After we published our list of 20 Top Global Thinkers, we thought we would be remiss if we did not also honor those who bring these voices to us in the first place. With the goal of recognizing those individuals and institutions responsible for exemplary reportage and awareness-raising in 2009, we asked our editors and writers to name their choices for the top 20 media figures, be they journalists, publications or publishers. We aggregated these nominations into the following list. Like our 20 Top Global Thinkers, our criteria for choosing media figures included individuals/publications/publishers who have shown a commitment to challenging power, holding it to account, highlighting issues pertaining to social justice and producing output that bucks conventional wisdom and encourages critical thinking.
A media institution in her own right, Amy Goodman has shown the true potential of independent media over the past 12 years by turning Democracy Now! into the largest public media collaboration in the US and around the world. Free of corporate sponsorship, DN’s hard-hitting daily broadcast rejects the soundbite format of mainstream media to provide in-depth coverage of the world’s most important issues. Unlike the MSM, Democracy Now! gives less emphasis to official voices than to those affected by the abuses of their offices. Goodman relentlessly pursues her stories, and often follows them long after the mainstream media has moved on to chase new headlines. Iraq and Afghanistan have therefore remained part of DN’s coverage for all the years that they were absent in the MSM. Policy-makers may have lost interest in the story, but for Goodman, the people on the receiving end continue to live the story. Her interviewees include voices that the MSM frequently excludes, including scholars, activists, heads of states out of favor with the United States, opposition leaders, and organizers. Through her journalism, writings and lectures, Goodman continues to set the bar for what every journalist should be aspiring to.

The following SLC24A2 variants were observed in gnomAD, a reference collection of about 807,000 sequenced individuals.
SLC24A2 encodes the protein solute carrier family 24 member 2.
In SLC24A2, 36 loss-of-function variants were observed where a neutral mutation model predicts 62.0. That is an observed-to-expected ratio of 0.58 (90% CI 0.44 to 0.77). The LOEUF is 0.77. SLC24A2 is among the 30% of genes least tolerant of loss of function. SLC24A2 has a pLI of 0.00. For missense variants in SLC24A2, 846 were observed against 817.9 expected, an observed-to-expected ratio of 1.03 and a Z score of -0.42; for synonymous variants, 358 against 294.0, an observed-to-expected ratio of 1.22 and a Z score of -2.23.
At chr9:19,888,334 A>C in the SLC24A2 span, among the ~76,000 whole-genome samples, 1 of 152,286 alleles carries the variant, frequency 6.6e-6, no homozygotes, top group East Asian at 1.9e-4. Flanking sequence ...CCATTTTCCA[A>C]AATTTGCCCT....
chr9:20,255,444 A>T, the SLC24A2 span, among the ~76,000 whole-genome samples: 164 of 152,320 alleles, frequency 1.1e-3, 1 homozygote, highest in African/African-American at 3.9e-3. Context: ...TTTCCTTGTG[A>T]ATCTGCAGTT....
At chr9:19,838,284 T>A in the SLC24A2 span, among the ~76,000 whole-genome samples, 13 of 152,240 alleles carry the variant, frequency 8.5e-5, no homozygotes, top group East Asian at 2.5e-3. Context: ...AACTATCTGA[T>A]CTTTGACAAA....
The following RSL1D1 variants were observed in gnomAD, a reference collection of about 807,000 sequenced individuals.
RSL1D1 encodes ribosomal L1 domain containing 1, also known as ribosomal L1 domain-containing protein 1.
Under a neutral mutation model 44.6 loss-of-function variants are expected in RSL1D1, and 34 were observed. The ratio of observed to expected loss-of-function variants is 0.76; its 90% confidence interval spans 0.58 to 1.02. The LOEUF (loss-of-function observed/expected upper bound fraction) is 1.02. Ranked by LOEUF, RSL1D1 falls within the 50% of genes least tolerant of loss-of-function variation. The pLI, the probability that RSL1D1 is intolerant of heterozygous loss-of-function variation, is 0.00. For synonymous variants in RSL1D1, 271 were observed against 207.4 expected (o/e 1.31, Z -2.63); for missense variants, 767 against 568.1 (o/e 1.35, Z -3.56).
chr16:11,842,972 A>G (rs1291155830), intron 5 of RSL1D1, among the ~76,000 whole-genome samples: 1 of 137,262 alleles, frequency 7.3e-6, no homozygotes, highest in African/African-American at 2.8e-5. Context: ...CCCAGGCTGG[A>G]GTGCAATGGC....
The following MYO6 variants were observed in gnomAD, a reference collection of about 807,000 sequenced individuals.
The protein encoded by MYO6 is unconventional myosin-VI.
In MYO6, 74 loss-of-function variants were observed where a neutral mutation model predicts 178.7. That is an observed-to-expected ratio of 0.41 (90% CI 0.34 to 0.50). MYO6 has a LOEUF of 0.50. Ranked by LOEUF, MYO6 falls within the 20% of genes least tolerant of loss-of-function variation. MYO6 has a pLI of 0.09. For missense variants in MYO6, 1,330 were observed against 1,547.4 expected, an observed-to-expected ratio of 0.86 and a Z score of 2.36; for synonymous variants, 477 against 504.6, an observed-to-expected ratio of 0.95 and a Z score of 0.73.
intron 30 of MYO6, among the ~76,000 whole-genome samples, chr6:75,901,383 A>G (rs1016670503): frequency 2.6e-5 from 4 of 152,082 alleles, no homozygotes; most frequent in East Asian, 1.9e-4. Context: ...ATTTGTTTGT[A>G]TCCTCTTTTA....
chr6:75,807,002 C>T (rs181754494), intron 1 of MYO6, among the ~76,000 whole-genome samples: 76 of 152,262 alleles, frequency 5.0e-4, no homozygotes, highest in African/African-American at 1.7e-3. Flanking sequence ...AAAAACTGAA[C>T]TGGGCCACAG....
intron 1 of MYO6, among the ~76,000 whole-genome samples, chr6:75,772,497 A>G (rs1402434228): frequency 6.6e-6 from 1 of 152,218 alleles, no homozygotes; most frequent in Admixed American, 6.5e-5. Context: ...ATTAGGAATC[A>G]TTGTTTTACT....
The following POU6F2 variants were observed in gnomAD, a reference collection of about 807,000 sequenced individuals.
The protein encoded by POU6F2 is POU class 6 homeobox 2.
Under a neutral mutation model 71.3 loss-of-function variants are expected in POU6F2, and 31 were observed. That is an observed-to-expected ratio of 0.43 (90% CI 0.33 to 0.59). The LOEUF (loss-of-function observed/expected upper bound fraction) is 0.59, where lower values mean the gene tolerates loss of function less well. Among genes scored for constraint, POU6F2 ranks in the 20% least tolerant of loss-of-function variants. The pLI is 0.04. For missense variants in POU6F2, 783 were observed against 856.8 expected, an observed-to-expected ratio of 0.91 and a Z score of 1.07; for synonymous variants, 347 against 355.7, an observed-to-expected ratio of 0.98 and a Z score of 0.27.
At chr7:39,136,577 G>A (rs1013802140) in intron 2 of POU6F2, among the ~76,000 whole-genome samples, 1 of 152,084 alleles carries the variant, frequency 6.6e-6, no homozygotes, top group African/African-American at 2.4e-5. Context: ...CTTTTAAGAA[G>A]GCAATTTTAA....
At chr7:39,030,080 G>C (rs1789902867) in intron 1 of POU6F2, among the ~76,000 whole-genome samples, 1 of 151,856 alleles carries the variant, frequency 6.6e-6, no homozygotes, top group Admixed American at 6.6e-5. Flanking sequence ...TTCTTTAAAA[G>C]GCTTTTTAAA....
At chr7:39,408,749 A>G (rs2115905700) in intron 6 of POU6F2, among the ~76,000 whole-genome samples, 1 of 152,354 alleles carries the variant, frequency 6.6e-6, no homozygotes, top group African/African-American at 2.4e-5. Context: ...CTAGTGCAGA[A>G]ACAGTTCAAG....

Al Jazeera has long set the bar for war reporting; Sherine Tadros and Ayman Mohyeldin have raised it even higher with their coverage of the conflict in Gaza in 2008- 2009. Tadros and Mohyeldin were the only two journalists working for an international English-language television network reporting from inside Gaza. They braved the dangers of Israel’s indiscriminate assault to bring hour-by-hour reporting the tragedy as it unfolded. Their courage was matched by the quality of their journalism. In 2009, Tadros continued to report from the region, covering the creeping ethnic cleansing of occupied Palestine. Mohyeldin, likewise, continues to report on issues such as the network of tunnels between Egypt and Gaza which are vital for the transfer of food, medicine and fuel supplies into Gaza.